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iSonto #49

This week we are thankful for the fun morning we spent creating little pictures for our doll house, "framing" them with paper and laminating them.

It was one of those rare times where an activity with my children actually happened in the pleasant way I imagined it!

Elnathan was always eager to watch Daddy go in the morning.

 Mercy was happy to dress up Bill as, apparently, a "stripy elephant".

Bill was moving further! It was so cute when he crawled out the door.

One memory verse we practiced was "Be kind to one another" Ephesians 4:32.

From garden to tummies . . . the first broad beans in a risotto.

A book we enjoyed together was "Things People Do", part of our Sonlight P 4/5 Curriculum. You know that you're onto a good thing when the children keep bringing the book to the dinner table to show Daddy what they learned!

Encouragement, ideas and inspiration came from the Girltalk blog. A post about the kind of young women the church needs was perfect tonight as I've been thinking over the need to embrace rather than resent the massive learning curve that is raising little children. There are so many great posts on this blog I've been perusing the archives in the few spare moments over the past two weeks.

One funny moment was seeing the children with their massive pieces of cake at a friend's party! Three layers for three years of life. Each child started pleading for a different bit of the bird decoration . . . please may I eat the tail, the feet, the beak, etc. It was the most perfect afternoon garden party.


iSonto #48: cubby progress, bye to Gramps, and spider families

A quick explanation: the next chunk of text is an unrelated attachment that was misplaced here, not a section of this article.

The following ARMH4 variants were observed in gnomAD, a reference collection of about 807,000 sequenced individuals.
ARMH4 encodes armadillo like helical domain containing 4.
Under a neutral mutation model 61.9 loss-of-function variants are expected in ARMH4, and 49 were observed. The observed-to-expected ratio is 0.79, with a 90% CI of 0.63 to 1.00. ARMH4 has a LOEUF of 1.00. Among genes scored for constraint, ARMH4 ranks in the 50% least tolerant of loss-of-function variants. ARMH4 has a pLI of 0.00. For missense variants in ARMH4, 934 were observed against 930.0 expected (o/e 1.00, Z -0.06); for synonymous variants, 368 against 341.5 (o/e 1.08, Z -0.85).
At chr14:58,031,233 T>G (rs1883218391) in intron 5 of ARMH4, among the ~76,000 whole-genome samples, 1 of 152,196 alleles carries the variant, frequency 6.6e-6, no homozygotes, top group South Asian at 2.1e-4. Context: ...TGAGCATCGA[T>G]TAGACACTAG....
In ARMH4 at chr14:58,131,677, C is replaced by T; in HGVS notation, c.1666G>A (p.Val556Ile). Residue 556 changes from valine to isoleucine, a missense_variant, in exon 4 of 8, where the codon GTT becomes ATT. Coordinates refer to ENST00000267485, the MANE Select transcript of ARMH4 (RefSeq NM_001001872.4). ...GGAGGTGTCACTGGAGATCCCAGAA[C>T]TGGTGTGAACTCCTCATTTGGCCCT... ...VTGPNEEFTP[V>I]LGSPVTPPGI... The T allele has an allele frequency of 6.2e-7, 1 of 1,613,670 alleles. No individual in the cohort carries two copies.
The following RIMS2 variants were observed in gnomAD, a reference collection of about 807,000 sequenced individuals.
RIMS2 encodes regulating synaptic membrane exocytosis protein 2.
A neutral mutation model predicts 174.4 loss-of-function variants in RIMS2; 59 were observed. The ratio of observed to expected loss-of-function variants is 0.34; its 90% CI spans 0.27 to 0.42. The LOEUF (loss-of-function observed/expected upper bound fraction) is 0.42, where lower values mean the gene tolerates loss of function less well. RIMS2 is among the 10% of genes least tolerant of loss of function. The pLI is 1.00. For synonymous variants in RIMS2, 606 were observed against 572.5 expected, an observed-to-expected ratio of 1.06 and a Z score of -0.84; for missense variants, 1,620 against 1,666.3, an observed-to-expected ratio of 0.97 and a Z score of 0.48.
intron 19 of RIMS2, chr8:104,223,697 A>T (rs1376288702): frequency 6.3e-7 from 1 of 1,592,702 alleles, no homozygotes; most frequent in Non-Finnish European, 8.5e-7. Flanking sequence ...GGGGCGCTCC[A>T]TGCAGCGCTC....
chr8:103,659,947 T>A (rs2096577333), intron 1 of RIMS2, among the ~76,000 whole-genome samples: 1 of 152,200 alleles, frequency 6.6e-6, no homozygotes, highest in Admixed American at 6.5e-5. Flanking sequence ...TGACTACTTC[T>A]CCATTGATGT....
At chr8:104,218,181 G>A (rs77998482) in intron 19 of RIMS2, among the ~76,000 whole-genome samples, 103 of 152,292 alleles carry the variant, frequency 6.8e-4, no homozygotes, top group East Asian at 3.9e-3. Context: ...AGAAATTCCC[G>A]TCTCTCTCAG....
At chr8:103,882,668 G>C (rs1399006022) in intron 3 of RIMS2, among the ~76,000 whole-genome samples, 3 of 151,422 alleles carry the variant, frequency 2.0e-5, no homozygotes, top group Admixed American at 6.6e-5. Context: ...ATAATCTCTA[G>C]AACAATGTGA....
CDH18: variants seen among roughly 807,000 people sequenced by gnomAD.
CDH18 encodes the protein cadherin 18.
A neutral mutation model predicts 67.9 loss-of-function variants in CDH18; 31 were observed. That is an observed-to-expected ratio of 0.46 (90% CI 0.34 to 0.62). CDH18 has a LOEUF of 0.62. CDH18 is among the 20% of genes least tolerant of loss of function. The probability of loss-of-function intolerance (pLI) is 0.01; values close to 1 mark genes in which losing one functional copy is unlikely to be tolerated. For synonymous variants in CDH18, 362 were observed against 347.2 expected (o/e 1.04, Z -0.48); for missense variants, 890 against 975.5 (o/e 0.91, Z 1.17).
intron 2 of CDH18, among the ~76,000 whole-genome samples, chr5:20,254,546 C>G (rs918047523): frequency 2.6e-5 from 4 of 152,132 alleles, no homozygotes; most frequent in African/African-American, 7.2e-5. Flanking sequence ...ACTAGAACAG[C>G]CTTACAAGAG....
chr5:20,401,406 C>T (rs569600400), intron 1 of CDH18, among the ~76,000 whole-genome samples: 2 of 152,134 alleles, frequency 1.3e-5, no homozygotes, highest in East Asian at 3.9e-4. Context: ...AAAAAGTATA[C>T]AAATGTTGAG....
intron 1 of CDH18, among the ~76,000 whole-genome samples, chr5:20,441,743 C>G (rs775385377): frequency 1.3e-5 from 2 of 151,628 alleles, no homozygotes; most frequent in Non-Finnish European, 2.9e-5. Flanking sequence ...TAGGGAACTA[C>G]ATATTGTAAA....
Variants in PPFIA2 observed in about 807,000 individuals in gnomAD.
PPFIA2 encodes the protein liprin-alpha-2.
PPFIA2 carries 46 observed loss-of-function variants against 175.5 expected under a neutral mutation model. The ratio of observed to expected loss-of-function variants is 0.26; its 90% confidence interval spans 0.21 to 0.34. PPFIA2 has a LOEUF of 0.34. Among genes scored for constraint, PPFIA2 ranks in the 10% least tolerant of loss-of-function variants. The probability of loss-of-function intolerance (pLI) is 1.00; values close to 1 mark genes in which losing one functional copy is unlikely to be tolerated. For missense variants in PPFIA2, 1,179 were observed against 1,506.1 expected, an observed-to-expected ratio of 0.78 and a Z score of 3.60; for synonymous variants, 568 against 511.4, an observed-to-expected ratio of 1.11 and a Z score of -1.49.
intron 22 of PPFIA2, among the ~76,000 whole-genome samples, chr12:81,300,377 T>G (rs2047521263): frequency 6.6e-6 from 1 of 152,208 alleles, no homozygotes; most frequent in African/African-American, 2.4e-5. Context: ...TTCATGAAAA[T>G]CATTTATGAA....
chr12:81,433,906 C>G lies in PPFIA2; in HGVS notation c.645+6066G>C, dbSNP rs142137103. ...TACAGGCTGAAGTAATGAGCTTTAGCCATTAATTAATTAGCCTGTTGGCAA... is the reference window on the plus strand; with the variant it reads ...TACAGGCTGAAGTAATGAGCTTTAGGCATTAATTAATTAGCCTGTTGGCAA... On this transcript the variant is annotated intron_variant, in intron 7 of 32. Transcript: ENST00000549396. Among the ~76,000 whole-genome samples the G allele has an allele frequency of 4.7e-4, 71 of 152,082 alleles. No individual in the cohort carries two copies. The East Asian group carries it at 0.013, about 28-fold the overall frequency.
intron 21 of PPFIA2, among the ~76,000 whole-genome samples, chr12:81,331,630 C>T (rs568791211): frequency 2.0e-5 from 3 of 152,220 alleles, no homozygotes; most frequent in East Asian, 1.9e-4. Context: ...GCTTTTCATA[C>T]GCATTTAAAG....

This week we are thankful for the progress Dave made on the cubby, and the little people darting through it.

We had some last happy days with Dave's Dad before he left for Queensland. Here he is with his namesake baby William.

We heard a good sermon this morning on the necessity of us all receiving wisdom and instruction and discipline.

Elnathan was full of enthusiasm for "the spider family" under the house. He and Mercy often visited their "house" for parties.

Mercy was was calling herself "Missing Crown Affair" this week, after reading the book with me a few times.

Bill was starting to teethe and cry more. He also now crawls, sits up, and rolls, learning these skills quickly in the last couple of weeks. Here he is with "Fred". Gran Gran gave Fred to the children during her visit, which we all enjoyed.

From garden to tummies . . .

Lettuce and spinach for Gramps' last dinner with us.

 A book we enjoyed together "Snugglepot and Cuddlepie" by May Gibbs.

One memory verse was "May my prayers be set before you like incense" from the Songs for Saplings ABC.

Encouragement, ideas and inspiration came from "When I Don't Desire God by John Piper.

One funny moment was Elnathan informing us very seriously that if we had three children we would have to move house, because otherwise the beds would not fit, we would have to put one in the living room, and climb over it to get to the bathroom.


iSonto #47, for old times sake.

It is nearly a year since my last iSonto post!

We are thankful for the gift of a Thermomix, courtesy of anonymous donor A.D.Mirer . . . we have our guesses, but no admissions on the part of a key suspect. This machine is proving useful for soups, curries, porridge and more.

More on the thanks list includes Gramps visiting from South Africa, a warm day, spring leaves, a preschool curriculum we enjoy, and learning the power of 5 minute tidy ups every hour.

  Elnathan was counting with beads. I love having little things like this around the house!

Mercy was always happy to go on an outing. I think we have the cutest back seat these days!

Billy was continuing his career as a dream baby. 8 months yesterday and a delight to us all.